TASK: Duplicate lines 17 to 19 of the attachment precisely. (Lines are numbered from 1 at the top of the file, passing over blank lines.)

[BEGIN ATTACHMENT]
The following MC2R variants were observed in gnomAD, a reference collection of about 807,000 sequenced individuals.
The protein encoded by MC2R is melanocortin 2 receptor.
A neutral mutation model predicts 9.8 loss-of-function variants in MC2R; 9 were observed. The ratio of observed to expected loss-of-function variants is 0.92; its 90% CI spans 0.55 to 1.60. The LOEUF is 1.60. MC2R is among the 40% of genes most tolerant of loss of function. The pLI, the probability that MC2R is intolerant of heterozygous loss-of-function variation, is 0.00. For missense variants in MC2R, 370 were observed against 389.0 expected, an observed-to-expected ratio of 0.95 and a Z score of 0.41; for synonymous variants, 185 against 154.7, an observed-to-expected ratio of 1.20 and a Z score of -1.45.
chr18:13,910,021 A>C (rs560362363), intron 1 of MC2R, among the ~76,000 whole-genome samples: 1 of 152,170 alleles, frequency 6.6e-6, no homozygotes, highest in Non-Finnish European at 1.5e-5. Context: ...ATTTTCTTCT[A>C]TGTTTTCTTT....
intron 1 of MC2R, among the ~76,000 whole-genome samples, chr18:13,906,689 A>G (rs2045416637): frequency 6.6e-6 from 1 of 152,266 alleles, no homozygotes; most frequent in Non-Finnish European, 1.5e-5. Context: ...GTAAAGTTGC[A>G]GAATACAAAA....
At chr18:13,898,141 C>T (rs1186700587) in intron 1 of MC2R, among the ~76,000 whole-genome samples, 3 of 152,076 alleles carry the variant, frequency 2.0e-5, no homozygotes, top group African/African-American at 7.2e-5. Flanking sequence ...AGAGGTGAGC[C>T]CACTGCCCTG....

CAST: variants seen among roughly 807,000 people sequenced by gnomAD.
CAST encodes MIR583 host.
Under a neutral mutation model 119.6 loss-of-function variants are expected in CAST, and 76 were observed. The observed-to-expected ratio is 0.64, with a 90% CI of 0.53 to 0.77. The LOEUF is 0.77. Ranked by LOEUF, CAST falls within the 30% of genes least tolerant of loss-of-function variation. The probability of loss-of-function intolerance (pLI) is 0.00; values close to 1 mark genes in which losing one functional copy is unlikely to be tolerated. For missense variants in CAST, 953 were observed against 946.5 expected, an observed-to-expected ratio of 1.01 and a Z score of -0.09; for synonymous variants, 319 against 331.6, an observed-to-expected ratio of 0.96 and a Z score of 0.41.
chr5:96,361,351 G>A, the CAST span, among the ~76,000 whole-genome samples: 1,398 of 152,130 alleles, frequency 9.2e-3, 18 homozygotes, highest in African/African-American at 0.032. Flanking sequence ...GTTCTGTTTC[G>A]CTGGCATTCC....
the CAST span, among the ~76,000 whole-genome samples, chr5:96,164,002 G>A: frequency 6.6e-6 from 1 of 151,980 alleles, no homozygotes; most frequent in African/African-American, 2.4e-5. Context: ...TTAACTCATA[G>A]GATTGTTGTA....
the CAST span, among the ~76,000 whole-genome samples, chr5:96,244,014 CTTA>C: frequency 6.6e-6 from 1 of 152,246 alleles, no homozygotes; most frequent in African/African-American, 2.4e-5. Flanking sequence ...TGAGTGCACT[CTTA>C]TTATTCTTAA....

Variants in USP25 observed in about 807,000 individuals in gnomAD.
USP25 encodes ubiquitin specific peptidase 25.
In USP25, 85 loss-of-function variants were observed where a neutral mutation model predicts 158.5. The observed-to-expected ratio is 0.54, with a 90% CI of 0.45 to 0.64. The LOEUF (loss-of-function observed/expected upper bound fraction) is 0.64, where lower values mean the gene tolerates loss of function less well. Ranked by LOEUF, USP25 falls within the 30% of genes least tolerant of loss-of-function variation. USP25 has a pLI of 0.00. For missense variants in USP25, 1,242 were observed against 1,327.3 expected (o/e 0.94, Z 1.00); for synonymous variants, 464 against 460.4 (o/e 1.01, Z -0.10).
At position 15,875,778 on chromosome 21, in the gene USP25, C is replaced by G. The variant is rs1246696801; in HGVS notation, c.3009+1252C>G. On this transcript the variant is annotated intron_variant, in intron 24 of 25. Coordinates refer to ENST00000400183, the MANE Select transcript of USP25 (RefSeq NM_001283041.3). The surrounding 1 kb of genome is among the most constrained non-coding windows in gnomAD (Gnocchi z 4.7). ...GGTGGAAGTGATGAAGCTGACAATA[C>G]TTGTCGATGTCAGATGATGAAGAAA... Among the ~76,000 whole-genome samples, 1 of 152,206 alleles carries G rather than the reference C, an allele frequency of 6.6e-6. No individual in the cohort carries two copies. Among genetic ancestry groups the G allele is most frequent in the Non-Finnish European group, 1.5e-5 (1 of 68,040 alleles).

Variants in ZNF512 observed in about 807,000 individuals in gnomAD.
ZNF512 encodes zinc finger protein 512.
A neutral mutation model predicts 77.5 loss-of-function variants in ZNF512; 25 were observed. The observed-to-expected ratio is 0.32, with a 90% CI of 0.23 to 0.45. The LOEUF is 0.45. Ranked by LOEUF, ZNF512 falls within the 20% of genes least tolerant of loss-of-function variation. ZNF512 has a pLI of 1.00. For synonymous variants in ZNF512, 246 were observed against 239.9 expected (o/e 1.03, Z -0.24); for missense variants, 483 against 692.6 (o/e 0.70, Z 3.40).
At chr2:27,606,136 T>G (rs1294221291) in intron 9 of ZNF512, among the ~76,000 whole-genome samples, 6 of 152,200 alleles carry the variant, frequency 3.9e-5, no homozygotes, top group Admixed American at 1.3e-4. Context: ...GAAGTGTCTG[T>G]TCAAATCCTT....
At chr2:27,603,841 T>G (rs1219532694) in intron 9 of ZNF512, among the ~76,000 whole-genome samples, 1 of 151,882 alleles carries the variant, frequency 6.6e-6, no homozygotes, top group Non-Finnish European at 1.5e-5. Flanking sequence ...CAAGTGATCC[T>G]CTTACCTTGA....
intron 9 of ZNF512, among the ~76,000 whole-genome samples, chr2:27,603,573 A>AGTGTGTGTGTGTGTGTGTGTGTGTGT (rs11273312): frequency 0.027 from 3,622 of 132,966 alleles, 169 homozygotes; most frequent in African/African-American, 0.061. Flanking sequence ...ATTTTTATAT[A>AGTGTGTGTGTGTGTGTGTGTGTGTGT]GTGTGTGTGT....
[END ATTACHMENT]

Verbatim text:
Variants in ZNF512 observed in about 807,000 individuals in gnomAD.
ZNF512 encodes zinc finger protein 512.
A neutral mutation model predicts 77.5 loss-of-function variants in ZNF512; 25 were observed. The observed-to-expected ratio is 0.32, with a 90% CI of 0.23 to 0.45. The LOEUF is 0.45. Ranked by LOEUF, ZNF512 falls within the 20% of genes least tolerant of loss-of-function variation. ZNF512 has a pLI of 1.00. For synonymous variants in ZNF512, 246 were observed against 239.9 expected (o/e 1.03, Z -0.24); for missense variants, 483 against 692.6 (o/e 0.70, Z 3.40).